#FinalFantasy has an interesting history. What was meant to be a swan song for developer Hironobu Sakaguchi became a flagship franchise and with #FinalFantasyXV only a short car ride away, we want to take a moment to celebrate some of the best non-numbered Final Fantasy titles that may have eluded you.
The Forgotten Few: The Best Non-Numbered Final Fantasy Games
5 - Theatrhythm Final Fantasy
Despite being almost impossible to spell, Theatrhythm Final Fantasy gamifies one of the series' most iconic standpoints, music. By turning the instantly recognisable tunes of Nobuo Uematsu and Masashi Hamauzu into a series of flicks, holds and taps onto the DS touchpad, players could interact with the lofty tunes of FF for the first time.
It's varied up with a number of different modes: battle mode involves frantic tapping as you're assaulted with notes, Field music is a more relaxed side scroller with longer drawn out notes and the event scenes keep the music playing through some of the most well known cutscenes.
Light RPG elements like levelling up characters and unlocking skills can make it easier to clear tough songs, but the real challenge comes from perfecting each note for that coveted 'SSS' ranking.
4 - Final Fantasy X-2
Probably what will be the most divisive entry on this list, Final Fantasy X-2 was the first sequel to a numbered title and broke the mould for each game being set in its own distinct universe.
Despite drawing some criticism, mostly levied at the change in tone from its somewhat darker predecessor and ruining Blitzball—but that's just my own personal pet peeve—X-2 built on the world established in the original, taking a broad look at how your actions affected the world of Spira.
If you want to know more about X and X-2, we've got XV facts (get it) about them both for you to check out!
3 - Final Fantasy Tactics
We're going to step away from frenetic action and take a moment to appreciate Final Fantasy Tactics, originally released for the original #PlayStation in 1997. Tactics presented our first introduction to the world of Ivalice and a new take on the combat system, using a 3D isometric map and cute bitmap sprites.
The world building is absolutely top notch, thrust into the middle of a conflict between two kingdoms, with the goal of unravelling a conspiracy behind the chaos. If you want the definitive version of Final Fantasy Tactics then the War of the Lions enhanced port that came to PSP is a must!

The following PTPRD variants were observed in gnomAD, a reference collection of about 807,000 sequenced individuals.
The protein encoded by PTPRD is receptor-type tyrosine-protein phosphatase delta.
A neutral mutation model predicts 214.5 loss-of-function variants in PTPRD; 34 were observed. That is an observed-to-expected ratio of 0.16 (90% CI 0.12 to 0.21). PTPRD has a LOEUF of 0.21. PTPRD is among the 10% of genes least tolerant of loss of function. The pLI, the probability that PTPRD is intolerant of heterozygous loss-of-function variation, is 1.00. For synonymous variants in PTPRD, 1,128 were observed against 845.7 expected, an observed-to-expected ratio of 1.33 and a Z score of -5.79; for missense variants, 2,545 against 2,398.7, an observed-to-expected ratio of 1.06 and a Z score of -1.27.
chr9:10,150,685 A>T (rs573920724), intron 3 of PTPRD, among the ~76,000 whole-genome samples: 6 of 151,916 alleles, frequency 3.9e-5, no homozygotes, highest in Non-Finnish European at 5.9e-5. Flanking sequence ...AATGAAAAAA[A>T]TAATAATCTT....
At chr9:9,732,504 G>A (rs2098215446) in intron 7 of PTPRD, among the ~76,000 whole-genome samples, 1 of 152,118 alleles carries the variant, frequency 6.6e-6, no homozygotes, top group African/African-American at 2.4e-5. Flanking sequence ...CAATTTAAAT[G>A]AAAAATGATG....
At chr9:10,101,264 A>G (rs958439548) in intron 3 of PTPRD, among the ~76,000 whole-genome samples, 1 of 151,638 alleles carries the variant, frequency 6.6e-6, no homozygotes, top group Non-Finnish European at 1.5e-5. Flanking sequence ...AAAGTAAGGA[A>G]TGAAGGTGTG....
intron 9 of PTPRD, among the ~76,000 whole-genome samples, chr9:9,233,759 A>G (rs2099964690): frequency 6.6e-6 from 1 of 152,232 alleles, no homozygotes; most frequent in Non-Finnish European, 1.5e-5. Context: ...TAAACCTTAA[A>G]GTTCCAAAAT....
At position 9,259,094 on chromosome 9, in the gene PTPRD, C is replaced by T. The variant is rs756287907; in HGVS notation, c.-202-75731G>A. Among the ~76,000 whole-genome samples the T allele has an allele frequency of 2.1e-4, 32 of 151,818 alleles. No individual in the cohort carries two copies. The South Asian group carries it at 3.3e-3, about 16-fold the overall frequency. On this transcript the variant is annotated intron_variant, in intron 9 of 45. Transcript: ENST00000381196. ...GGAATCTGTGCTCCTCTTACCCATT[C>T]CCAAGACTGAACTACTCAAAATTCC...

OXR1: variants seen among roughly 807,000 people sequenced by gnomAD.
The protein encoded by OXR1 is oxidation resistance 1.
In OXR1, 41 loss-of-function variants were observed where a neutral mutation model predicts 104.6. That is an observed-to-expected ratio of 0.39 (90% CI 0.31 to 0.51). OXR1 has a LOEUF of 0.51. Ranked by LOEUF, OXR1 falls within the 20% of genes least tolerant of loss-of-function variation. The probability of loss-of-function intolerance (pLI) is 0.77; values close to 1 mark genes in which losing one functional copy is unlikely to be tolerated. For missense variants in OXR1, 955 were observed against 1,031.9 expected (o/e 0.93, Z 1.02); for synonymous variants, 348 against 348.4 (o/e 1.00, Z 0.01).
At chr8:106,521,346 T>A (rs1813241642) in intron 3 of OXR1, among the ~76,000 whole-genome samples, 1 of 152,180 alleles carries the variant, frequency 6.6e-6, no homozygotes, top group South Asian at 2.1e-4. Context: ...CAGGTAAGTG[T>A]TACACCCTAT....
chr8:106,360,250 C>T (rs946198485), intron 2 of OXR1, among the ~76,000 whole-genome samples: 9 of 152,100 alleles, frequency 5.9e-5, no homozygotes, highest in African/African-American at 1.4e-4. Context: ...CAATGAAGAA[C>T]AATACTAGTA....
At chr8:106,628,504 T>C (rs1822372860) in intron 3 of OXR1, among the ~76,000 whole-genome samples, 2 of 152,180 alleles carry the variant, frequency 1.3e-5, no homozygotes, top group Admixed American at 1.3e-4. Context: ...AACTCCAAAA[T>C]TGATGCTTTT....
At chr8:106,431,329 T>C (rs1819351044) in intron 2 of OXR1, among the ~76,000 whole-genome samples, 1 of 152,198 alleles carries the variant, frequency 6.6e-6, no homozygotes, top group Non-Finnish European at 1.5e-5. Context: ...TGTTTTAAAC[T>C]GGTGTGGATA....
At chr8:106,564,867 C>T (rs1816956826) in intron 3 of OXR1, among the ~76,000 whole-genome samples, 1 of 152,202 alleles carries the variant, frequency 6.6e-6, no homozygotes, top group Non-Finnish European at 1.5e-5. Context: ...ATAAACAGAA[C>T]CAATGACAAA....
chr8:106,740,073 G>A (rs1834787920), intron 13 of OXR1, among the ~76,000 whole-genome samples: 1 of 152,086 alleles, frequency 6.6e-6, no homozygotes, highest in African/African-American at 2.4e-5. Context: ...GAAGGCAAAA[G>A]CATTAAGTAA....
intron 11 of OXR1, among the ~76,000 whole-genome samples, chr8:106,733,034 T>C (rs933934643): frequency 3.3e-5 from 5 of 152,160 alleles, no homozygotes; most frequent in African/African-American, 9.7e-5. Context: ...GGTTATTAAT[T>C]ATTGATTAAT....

2 - Crisis Core: Final Fantasy VII
You can never get enough Final Fantasy VII, and Crisis Core is one of the best additions introduced in the Compilation of Final Fantasy VII. Following the story of Zack Fair, a member of the Shinra organization and his investigations into the mysterious Project G, Crisis Core is sure to satisfy eager Final Fantasy fans.
The campaign expands on one of the key plot points from Final Fantasy VII, as you interact with a number of characters from the original. Swapping its predecessors Active Time Battle combat system for a more action orientated real time combat system coupled with launching on a handheld system might have been a death knell for any other franchise, but for Final Fantasy it was one of the greatest entries to date.
It also gave us what was arguably the first look at a remastered Final Fantasy VII, which would eventually (8 years later) be formally announced. It's come a long way since then and will be broken up into a number of different parts, with Midgar alone being larger than the entirety of the original.
1 - Dissidia Final Fantasy
Square Enix put a fighting game twist on the series with Dissidia Final Fantasy, with the key emphasis on 3 dimensional battles between the series' iconic heroes and villains.
This results in fights often fought in mid-air, as combatants blades bounce off one another as they perform swift aerial manoeuvres. Whilst we haven't seen Dissidia in the West since 2011, there's an arcade game in Japan that looks absolutely gorgeous and in dire need of a console port!